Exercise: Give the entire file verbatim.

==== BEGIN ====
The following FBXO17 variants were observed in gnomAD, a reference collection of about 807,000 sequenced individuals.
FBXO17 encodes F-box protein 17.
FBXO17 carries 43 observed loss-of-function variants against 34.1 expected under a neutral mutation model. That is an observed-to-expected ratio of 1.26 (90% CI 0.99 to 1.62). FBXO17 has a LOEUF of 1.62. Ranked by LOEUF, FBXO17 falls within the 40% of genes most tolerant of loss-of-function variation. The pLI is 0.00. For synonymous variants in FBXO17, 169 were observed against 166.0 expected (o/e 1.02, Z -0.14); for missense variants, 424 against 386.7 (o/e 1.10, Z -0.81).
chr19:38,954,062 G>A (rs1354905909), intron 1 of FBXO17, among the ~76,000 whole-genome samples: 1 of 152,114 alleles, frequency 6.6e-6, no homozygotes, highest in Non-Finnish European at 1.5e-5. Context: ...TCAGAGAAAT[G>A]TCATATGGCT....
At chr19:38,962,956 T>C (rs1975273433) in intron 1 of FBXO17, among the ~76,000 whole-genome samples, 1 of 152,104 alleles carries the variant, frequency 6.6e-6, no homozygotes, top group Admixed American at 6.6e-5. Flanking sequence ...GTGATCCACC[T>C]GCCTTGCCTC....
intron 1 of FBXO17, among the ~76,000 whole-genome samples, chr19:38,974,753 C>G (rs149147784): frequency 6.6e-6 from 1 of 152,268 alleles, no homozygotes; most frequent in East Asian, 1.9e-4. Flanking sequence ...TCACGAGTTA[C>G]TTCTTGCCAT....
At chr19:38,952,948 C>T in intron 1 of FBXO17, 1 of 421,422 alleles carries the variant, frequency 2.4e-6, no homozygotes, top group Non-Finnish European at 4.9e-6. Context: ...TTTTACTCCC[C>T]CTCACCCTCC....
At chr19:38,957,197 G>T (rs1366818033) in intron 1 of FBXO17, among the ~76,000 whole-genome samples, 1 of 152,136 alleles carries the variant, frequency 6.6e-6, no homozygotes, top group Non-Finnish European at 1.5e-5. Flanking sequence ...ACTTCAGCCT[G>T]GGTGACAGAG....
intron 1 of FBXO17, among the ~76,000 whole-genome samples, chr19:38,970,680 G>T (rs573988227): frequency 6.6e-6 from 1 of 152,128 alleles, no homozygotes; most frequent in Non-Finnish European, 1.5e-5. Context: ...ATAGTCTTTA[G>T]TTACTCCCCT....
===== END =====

The following FBXO17 variants were observed in gnomAD, a reference collection of about 807,000 sequenced individuals.
FBXO17 encodes F-box protein 17.
FBXO17 carries 43 observed loss-of-function variants against 34.1 expected under a neutral mutation model. That is an observed-to-expected ratio of 1.26 (90% CI 0.99 to 1.62). FBXO17 has a LOEUF of 1.62. Ranked by LOEUF, FBXO17 falls within the 40% of genes most tolerant of loss-of-function variation. The pLI is 0.00. For synonymous variants in FBXO17, 169 were observed against 166.0 expected (o/e 1.02, Z -0.14); for missense variants, 424 against 386.7 (o/e 1.10, Z -0.81).
chr19:38,954,062 G>A (rs1354905909), intron 1 of FBXO17, among the ~76,000 whole-genome samples: 1 of 152,114 alleles, frequency 6.6e-6, no homozygotes, highest in Non-Finnish European at 1.5e-5. Context: ...TCAGAGAAAT[G>A]TCATATGGCT....
At chr19:38,962,956 T>C (rs1975273433) in intron 1 of FBXO17, among the ~76,000 whole-genome samples, 1 of 152,104 alleles carries the variant, frequency 6.6e-6, no homozygotes, top group Admixed American at 6.6e-5. Flanking sequence ...GTGATCCACC[T>C]GCCTTGCCTC....
intron 1 of FBXO17, among the ~76,000 whole-genome samples, chr19:38,974,753 C>G (rs149147784): frequency 6.6e-6 from 1 of 152,268 alleles, no homozygotes; most frequent in East Asian, 1.9e-4. Flanking sequence ...TCACGAGTTA[C>G]TTCTTGCCAT....
At chr19:38,952,948 C>T in intron 1 of FBXO17, 1 of 421,422 alleles carries the variant, frequency 2.4e-6, no homozygotes, top group Non-Finnish European at 4.9e-6. Context: ...TTTTACTCCC[C>T]CTCACCCTCC....
At chr19:38,957,197 G>T (rs1366818033) in intron 1 of FBXO17, among the ~76,000 whole-genome samples, 1 of 152,136 alleles carries the variant, frequency 6.6e-6, no homozygotes, top group Non-Finnish European at 1.5e-5. Flanking sequence ...ACTTCAGCCT[G>T]GGTGACAGAG....
intron 1 of FBXO17, among the ~76,000 whole-genome samples, chr19:38,970,680 G>T (rs573988227): frequency 6.6e-6 from 1 of 152,128 alleles, no homozygotes; most frequent in Non-Finnish European, 1.5e-5. Context: ...ATAGTCTTTA[G>T]TTACTCCCCT....